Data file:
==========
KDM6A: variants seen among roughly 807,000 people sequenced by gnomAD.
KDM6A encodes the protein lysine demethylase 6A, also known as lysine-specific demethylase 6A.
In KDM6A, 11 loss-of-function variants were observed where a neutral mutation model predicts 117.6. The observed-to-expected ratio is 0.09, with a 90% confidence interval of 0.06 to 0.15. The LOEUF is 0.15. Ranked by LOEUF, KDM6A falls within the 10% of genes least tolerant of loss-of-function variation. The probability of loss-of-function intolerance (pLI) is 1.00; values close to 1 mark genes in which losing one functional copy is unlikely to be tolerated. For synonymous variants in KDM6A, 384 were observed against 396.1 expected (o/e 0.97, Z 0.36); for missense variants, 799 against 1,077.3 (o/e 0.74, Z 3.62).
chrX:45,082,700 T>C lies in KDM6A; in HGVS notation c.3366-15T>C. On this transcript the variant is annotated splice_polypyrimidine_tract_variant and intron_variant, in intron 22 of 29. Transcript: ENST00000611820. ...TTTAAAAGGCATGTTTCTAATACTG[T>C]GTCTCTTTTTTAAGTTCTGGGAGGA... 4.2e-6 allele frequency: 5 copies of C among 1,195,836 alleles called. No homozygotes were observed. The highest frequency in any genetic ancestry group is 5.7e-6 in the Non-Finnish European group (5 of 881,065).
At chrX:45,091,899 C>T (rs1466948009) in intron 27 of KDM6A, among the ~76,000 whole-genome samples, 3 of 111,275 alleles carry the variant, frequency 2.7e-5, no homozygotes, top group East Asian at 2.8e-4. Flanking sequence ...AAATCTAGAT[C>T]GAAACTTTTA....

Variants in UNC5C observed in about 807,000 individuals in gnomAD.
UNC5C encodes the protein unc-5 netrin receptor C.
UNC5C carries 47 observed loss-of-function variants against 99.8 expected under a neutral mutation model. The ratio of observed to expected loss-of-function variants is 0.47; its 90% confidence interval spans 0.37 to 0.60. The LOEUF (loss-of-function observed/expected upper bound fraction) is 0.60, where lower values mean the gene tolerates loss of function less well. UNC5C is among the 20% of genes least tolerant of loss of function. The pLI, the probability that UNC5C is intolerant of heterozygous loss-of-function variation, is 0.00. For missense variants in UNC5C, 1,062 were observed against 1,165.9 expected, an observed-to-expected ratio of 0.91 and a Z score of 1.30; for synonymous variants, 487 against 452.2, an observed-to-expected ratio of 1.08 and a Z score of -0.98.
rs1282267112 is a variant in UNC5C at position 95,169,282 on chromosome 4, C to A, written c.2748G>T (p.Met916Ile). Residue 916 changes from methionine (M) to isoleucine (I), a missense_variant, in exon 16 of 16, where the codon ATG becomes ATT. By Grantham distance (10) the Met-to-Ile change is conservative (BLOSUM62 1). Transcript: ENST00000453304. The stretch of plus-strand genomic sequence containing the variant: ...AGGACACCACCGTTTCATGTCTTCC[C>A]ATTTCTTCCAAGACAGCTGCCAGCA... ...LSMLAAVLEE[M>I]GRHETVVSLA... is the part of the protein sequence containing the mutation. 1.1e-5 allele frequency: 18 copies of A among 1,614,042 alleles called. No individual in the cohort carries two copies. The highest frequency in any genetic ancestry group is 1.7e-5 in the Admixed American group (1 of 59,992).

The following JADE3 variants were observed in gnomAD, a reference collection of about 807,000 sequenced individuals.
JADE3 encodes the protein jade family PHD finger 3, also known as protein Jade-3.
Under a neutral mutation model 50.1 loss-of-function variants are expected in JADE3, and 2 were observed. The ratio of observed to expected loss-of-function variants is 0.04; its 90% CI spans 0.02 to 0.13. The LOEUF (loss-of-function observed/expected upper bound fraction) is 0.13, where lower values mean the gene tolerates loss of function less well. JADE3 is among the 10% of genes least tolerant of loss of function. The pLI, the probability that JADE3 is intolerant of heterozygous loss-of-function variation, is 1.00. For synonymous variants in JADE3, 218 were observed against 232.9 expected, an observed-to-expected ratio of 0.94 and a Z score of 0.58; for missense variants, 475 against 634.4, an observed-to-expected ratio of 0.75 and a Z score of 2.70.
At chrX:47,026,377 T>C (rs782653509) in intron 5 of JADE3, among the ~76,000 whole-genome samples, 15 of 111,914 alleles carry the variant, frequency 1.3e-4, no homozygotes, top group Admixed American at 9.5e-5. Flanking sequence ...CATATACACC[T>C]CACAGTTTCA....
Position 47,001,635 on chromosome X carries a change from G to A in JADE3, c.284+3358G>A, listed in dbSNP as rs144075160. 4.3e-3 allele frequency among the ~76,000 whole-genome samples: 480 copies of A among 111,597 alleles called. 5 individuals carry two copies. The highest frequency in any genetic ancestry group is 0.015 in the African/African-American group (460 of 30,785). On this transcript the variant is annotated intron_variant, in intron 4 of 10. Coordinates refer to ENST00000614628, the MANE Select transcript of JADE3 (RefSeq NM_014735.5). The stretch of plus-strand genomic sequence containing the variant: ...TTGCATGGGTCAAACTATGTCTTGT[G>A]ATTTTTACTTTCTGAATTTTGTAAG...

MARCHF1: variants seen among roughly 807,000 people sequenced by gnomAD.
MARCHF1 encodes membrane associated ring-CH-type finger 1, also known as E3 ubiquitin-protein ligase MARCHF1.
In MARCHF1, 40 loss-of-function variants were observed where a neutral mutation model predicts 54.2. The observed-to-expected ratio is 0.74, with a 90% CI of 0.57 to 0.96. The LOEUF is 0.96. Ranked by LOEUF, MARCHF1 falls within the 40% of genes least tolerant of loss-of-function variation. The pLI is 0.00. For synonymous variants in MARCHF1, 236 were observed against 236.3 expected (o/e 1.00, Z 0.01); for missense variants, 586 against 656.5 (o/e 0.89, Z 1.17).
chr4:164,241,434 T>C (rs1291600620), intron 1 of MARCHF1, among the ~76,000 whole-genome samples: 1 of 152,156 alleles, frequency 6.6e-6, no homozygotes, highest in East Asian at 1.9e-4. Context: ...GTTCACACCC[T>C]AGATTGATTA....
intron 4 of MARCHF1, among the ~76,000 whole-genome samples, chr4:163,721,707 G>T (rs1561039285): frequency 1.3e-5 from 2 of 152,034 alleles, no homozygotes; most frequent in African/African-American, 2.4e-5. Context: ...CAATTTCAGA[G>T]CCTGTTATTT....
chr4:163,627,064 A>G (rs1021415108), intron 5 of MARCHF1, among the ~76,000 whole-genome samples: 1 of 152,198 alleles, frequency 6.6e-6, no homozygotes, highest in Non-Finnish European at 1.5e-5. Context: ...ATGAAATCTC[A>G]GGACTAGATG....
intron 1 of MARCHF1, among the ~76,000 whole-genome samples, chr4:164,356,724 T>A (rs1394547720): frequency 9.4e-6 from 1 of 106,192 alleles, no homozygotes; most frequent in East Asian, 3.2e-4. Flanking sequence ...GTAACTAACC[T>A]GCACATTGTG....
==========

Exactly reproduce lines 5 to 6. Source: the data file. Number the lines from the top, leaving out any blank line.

At chrX:45,091,899 C>T (rs1466948009) in intron 27 of KDM6A, among the ~76,000 whole-genome samples, 3 of 111,275 alleles carry the variant, frequency 2.7e-5, no homozygotes, top group East Asian at 2.8e-4. Flanking sequence ...AAATCTAGAT[C>T]GAAACTTTTA....

Variants in UNC5C observed in about 807,000 individuals in gnomAD.